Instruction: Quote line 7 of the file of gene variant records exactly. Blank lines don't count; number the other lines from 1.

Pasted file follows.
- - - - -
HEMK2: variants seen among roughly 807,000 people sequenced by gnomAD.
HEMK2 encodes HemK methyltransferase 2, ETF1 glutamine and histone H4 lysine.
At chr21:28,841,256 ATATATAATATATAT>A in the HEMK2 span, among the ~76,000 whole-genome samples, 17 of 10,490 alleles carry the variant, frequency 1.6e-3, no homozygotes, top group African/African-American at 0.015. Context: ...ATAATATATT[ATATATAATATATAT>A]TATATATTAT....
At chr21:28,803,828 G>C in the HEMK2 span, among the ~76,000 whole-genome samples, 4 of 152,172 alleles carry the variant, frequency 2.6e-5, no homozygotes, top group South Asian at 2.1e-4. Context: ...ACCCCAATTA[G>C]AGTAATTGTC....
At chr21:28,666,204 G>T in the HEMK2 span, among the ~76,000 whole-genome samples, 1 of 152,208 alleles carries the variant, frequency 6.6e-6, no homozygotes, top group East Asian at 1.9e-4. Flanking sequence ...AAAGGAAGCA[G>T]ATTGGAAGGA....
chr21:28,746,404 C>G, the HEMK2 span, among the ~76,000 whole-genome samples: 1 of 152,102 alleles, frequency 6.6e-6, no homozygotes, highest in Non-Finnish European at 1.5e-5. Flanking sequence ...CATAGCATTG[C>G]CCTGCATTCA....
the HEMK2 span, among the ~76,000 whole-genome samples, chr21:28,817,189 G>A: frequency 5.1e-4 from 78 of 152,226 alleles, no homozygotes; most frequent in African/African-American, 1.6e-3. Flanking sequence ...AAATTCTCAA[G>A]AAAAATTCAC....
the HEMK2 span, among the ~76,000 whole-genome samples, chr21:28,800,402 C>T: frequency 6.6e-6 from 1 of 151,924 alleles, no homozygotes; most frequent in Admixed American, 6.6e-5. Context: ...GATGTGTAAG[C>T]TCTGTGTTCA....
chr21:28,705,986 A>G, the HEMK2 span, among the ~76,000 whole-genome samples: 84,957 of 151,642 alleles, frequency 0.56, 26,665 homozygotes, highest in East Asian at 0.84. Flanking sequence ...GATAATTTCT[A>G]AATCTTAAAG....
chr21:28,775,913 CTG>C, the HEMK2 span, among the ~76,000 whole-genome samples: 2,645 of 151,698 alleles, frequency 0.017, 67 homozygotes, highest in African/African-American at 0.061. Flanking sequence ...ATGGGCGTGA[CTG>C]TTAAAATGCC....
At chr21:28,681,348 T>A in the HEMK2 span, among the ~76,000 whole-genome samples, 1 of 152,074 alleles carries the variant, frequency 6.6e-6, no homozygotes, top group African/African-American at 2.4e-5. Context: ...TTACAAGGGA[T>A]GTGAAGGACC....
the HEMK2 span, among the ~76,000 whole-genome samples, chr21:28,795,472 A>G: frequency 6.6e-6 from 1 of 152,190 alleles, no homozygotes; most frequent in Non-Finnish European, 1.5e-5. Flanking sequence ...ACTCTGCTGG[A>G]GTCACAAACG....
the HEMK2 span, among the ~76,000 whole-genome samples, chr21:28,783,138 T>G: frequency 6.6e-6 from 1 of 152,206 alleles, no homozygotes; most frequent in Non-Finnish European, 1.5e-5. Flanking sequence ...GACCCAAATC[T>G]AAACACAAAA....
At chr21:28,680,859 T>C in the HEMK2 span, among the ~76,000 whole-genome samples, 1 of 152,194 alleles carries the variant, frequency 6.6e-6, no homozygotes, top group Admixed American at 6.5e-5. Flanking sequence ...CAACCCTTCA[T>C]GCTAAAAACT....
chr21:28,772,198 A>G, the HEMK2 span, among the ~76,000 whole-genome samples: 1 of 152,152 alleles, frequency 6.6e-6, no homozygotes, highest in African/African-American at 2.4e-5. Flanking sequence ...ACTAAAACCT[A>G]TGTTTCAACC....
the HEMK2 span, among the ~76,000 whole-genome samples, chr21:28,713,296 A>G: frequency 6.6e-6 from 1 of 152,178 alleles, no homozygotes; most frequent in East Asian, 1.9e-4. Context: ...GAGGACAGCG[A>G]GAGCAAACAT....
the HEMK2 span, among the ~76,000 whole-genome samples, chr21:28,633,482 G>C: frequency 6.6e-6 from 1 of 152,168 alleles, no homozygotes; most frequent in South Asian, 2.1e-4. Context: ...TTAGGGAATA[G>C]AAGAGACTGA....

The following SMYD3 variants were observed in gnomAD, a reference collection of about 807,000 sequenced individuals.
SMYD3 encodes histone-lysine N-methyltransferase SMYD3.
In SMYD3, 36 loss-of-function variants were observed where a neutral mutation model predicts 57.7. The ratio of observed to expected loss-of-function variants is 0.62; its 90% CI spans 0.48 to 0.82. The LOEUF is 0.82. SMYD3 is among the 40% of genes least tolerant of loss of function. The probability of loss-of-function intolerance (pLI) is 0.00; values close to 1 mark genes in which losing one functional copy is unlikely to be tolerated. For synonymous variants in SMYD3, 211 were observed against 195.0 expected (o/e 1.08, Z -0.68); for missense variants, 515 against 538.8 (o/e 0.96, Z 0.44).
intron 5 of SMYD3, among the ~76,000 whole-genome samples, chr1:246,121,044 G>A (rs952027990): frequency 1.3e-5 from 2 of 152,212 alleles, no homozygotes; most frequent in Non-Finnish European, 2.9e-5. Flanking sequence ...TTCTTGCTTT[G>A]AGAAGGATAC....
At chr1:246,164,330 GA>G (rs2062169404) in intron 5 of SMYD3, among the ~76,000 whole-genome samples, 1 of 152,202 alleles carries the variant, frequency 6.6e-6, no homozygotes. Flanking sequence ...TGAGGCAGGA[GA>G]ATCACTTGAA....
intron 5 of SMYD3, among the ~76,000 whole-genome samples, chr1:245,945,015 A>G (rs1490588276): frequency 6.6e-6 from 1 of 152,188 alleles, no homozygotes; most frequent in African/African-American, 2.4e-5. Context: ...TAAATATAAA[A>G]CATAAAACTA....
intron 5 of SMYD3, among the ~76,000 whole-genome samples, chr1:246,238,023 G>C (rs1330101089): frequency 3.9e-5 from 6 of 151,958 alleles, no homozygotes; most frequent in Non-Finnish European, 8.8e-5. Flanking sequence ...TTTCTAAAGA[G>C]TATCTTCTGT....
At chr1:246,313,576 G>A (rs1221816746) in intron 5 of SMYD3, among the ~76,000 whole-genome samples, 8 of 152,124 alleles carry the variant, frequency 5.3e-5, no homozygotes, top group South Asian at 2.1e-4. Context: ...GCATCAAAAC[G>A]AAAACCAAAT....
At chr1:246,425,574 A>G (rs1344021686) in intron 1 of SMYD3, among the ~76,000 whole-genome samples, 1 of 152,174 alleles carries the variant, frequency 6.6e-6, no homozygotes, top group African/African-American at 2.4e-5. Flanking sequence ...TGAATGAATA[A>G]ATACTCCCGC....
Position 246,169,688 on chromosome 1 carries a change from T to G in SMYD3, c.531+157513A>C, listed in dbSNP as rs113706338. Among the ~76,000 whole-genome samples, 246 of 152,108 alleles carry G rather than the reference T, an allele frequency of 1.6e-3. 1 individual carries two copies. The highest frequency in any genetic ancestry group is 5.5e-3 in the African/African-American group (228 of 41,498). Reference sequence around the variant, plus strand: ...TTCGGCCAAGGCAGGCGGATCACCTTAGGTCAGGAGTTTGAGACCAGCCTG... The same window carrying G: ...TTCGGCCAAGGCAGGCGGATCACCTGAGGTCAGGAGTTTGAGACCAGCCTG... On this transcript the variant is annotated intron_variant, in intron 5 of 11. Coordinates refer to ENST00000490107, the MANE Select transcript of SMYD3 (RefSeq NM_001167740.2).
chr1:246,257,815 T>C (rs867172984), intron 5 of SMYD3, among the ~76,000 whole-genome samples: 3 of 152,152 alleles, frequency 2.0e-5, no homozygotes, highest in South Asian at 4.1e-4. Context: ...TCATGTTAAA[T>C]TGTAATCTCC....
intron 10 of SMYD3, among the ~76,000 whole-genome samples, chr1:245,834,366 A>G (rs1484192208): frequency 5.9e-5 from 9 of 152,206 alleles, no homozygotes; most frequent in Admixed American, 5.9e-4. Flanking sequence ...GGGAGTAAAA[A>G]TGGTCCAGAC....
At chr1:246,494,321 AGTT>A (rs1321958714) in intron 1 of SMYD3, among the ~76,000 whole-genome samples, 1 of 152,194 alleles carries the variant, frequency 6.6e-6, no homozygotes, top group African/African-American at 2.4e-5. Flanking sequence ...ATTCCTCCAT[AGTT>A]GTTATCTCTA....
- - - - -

the HEMK2 span, among the ~76,000 whole-genome samples, chr21:28,817,189 G>A: frequency 5.1e-4 from 78 of 152,226 alleles, no homozygotes; most frequent in African/African-American, 1.6e-3. Flanking sequence ...AAATTCTCAA[G>A]AAAAATTCAC....